22 Jan 2015
Fraunhofer IPMS scientists develop sensor for key 3–12 µm “chemical security” region.
The Fraunhofer Institute for Photonic Microsystems (IPMS), Dresden, Germany, has previously presented a mobile MEMS scanning grating spectrometer in “sugar cube” format at Photonics West; the spectrometer is used to study gases, liquids and solids by analyzing light in the near infrared range (950nm to 1900nm).Photonics West trade show, the scientists will introduce a novel approach that also uses MEMS technology for spectral analysis in the medium infrared range (3 – 12 µm). In this region many chemical substances that are important for security monitoring purposes feature unique and characteristic absorption lines. Thus different hazardous materials can be quickly detected and quantified using a compact mobile sensor system.
Environmental contamination, industrial accidents or terror attacks: there are many types of events that can put the health of humans and the environment at risk due to the leakage of hazardous substances. The assessment of and timely response to possible risks requires that the type and concentration of potentially hazardous substances can be qualitatively and quantitatively determined as quickly as possible.
Spectroscopy is ideal for this purpose because the measurement process is a non-contact procedure, which can be applied to many different solid, liquid or gas-shaped materials as each molecule has its own characteristic infrared spectrum. The challenge for researchers is to intergate this measurement technology in a robust and compact design, and enable it to cover the largest possible wavelength range in the key medium infrared range.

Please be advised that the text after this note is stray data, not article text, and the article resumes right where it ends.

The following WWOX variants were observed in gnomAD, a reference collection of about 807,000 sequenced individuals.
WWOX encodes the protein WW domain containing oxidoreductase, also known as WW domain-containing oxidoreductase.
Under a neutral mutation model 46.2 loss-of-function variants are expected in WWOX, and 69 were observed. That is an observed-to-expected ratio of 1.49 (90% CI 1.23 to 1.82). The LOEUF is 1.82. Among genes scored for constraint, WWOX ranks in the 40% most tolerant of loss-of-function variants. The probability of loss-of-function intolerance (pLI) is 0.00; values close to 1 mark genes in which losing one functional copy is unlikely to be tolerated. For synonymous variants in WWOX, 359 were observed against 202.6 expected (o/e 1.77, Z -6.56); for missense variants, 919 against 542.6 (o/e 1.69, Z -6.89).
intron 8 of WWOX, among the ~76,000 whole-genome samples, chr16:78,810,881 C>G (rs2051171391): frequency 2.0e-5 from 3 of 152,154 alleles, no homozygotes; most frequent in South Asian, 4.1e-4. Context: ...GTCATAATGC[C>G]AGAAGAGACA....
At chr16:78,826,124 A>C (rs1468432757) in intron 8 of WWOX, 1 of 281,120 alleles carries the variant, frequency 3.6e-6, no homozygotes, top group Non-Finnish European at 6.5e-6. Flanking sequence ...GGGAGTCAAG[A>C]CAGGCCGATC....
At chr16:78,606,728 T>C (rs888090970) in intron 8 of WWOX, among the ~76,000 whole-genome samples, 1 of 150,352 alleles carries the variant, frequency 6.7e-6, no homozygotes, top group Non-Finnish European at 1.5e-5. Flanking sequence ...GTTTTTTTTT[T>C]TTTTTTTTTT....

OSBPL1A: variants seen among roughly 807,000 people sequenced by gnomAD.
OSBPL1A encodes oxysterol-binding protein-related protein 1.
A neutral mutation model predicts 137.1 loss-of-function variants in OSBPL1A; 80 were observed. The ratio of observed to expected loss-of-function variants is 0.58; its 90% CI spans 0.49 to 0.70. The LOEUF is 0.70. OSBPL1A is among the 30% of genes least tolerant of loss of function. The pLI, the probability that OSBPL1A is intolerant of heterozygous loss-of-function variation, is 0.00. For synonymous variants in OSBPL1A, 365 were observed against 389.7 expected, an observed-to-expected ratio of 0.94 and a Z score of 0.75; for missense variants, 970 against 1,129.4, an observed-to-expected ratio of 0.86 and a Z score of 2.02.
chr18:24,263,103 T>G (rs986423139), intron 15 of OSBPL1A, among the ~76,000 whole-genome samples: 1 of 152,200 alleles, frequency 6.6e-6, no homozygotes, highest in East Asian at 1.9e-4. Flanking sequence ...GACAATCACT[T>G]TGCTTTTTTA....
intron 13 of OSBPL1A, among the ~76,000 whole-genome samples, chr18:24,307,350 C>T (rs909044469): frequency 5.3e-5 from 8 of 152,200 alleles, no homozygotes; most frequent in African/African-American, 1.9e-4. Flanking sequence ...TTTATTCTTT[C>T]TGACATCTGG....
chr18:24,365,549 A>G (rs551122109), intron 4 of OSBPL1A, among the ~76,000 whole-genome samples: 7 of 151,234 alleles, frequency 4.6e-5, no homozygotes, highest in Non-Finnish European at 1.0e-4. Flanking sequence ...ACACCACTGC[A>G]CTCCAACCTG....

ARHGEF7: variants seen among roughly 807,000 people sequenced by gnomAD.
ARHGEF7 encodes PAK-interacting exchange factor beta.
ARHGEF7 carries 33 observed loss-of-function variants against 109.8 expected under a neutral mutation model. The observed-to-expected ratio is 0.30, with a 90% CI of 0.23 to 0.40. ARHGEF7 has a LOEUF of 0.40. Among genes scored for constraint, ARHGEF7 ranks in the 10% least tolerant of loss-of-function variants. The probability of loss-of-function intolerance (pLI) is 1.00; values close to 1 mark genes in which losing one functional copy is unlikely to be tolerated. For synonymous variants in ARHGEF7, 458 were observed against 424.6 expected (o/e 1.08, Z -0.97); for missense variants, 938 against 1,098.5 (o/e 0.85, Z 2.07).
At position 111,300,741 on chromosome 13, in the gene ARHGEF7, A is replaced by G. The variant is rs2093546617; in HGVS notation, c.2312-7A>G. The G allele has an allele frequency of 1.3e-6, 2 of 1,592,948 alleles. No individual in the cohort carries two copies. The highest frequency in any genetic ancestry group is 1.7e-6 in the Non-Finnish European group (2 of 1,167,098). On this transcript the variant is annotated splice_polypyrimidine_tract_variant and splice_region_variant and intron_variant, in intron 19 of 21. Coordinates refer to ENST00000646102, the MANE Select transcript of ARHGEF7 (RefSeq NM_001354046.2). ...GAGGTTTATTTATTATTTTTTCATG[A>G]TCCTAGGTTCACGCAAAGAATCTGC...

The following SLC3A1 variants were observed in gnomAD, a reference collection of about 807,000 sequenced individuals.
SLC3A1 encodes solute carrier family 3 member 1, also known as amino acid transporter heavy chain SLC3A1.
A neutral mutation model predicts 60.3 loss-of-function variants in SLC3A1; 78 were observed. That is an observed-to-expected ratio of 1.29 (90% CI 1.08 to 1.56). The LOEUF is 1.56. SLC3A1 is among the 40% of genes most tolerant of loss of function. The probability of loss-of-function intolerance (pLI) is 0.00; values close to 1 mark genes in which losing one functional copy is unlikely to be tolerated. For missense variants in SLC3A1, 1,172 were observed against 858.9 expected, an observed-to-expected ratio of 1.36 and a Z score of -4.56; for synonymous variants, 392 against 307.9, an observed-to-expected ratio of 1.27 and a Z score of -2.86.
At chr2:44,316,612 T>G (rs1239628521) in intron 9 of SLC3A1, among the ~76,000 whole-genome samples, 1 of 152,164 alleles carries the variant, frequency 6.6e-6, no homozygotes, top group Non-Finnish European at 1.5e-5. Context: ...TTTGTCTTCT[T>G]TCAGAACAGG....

To achieve this, Fraunhofer IPMS and 17 other project partners from nine countries are working on the development of a novel, handy variable frequency monochromatic light source for the medium infrared range as part of the European joint venture research project known as MIRIFISENS – Mid Infrared Innovative Lasers for Improved Sensor of Hazardous Substances. It forms the technological basis for the development of handy spectrometers for rapid detection of the concentration of different hazardous materials in situ.
The heart of the system consists of a miniaturized quantum cascade laser (QCL), which is being developed by researchers of the Fraunhofer Institute for Applied Solid State Physics (IAF) in Freiburg. The QCL covers a large range of the wavelengths that are important for the spectroscopic »fingerprint« in the medium infrared range.
To tune the QCL to the desired wavelengths, scientists at Fraunhofer IPMS developed a highly reflective diffraction grating with a diameter of 5mm as well as the associated control electronics. The micro-mechanically manufactured diffraction grating acts as the quantum cascade laser's variable frequency external resonator. It allows for the tuning of laser wavelengths with a frequency of 1kHz, with a variable frequency range of up to 20 percent of the central wavelength. By this means, the sample can be irradiated with different wavelengths in the time multiplex, and conclusions can be drawn with regard to the type and concentration of the hazardous materials using the “fingerprint”.
Fraunhofer IPMS' project Manager Dr. Jan Grahmann explained the benefits of MEMS technology thus: “Electrostatically-driven MEMS grating mirrors are much more compact than galvanometer scanners, make almost no sound and allow for very high scanning frequencies due to their low weight. In combination with miniaturized laser sources, they are ideal for integration into mobile handy sensor systems, simple measurements on location and for integration into industrial measurement technology at production and processing facilities.”
At the Photonics West in San Francisco (February 7–12, 2015), Grahmann will present this technology to a scientific community on February 12, as part of a wider presentation entitled “Large MOEMS diffraction grating results providing an EC-QCL wavelength scan of percent”. Attendees will also have an opportunity to view the possibilities of miniaturization using MEMS Scanning Grating Technology at the Fraunhofer IPMS' stand 4409 in the North Hall.
About the Author
Matthew Peach is a contributing editor tooptics.org.
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